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Operating System
The box said that I needed to have Windows 98 or better... so I installed Linux.
— Anonymous about Linux note 

Before a computer can do much, it'll need some software to provide basic system services. This is basically what an operating system (or OS for short) does; it manages devices and memory, keeps applications from stepping on each other's toes, and provides an Application Programming Interface (sometimes many APIs) for applications to use.

In the early days of computing (and even now, on special applications like microcontrollers), computers didn't have OSes; you programmed them directly in Binary Bits and Bytes, and on some really old machines (including ENIAC, the first practical electronic computer, and IBM's old card-counting machines), you didn't have program memory at all — you had to rewire them on a device not unlike an old-time telephone switchboard. Starting in the early 1960s (but not immediately showing up everywhere), the advent of time sharing (what we'd now just call multitasking) led to huge advances in what computers were capable of, and the first modern OSes date from this era. Later, when microcomputers became common, they had much smaller operating systems of their own, such as CP/M, Apple DOS, ProDOS and MS-DOS; since microcomputers didn't have special hardware to manage and protect memory, most of the time a microcomputer OS simply wrapped the machine's ROM libraries with disk I/O functions, something that was especially true on the Apple II and the IBM Personal Computer.

As PCs got cheaper and more powerful, full operating systems started being written for them, with richer APIs, actual memory protection and "demand paging" (which allowed applications to use "virtual" memory that actually lived in a file on disk). Pretty much all PC OSes now include this as a matter of course.

An important aspect of operating systems is something called a privilege level. In the most basic setup, there's only two, a privileged mode (also known as kernel mode) and unprivileged mode (also known as user mode). Privileged software can directly interact with the hardware and the system. Unprivileged software must make an system call; it's up to the OS to determine if this call is valid so the software can go into privileged mode to complete its task. One of the most noticeable aspects of these two modes is a badly written privileged mode software will crash the system if it breaks. There are some exceptions to this model though. For example Windows until XP (except the NT versions and 2000) and Mac OS until OS X had no concept of privileges, so a rogue program could cause system instability.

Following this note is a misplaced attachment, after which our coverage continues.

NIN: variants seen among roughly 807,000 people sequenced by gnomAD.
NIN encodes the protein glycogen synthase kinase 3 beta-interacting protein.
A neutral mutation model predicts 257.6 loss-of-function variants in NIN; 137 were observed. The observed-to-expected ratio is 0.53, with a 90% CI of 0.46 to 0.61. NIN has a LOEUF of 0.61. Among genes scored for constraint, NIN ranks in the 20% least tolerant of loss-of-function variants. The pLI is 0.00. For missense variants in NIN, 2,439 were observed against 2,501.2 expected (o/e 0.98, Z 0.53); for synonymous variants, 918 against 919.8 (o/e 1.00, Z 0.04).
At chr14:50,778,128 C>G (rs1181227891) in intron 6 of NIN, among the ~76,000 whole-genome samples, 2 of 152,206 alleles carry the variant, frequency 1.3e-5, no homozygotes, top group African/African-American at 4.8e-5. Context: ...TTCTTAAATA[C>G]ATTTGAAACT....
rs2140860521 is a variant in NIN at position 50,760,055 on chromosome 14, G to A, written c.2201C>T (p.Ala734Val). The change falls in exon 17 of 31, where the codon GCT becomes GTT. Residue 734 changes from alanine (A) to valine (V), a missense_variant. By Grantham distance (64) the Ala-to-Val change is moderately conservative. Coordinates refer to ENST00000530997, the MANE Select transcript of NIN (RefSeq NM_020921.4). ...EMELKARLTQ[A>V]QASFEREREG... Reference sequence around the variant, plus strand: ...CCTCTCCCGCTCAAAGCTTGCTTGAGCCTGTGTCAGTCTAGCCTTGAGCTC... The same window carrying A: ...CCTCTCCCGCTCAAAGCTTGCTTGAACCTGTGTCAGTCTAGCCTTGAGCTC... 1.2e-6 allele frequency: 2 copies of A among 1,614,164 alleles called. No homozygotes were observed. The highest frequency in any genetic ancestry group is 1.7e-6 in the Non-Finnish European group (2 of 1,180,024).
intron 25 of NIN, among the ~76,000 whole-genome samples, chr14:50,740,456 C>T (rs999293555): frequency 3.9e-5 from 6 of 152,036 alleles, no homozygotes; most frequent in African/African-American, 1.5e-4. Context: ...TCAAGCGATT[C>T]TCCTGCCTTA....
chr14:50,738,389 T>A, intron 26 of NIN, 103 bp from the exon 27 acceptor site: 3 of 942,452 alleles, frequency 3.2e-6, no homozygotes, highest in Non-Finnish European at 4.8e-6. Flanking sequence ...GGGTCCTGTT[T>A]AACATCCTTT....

Operating systems may implement further security levels called rings, where Ring 0 is the most privileged level.

Most operating systems kernels (the core of the operating system) are done in one of three ways:
  • Monolithic: All device drivers and services are run in kernel mode. The Linux kernel is an example. In this, a bad driver could crash the system.
  • Microkernel: Only the kernel and the very basic of drivers run in kernel mode. MINIX is an example. In this, a bad device driver can't crash the system. note 
  • Hybrid: Parts of the system are either run in kernel mode, or user mode. Windows and Mac OS X are hybrid kernel examples.

See also:


Physics EngineHow Video Game Specs WorkDOSBox

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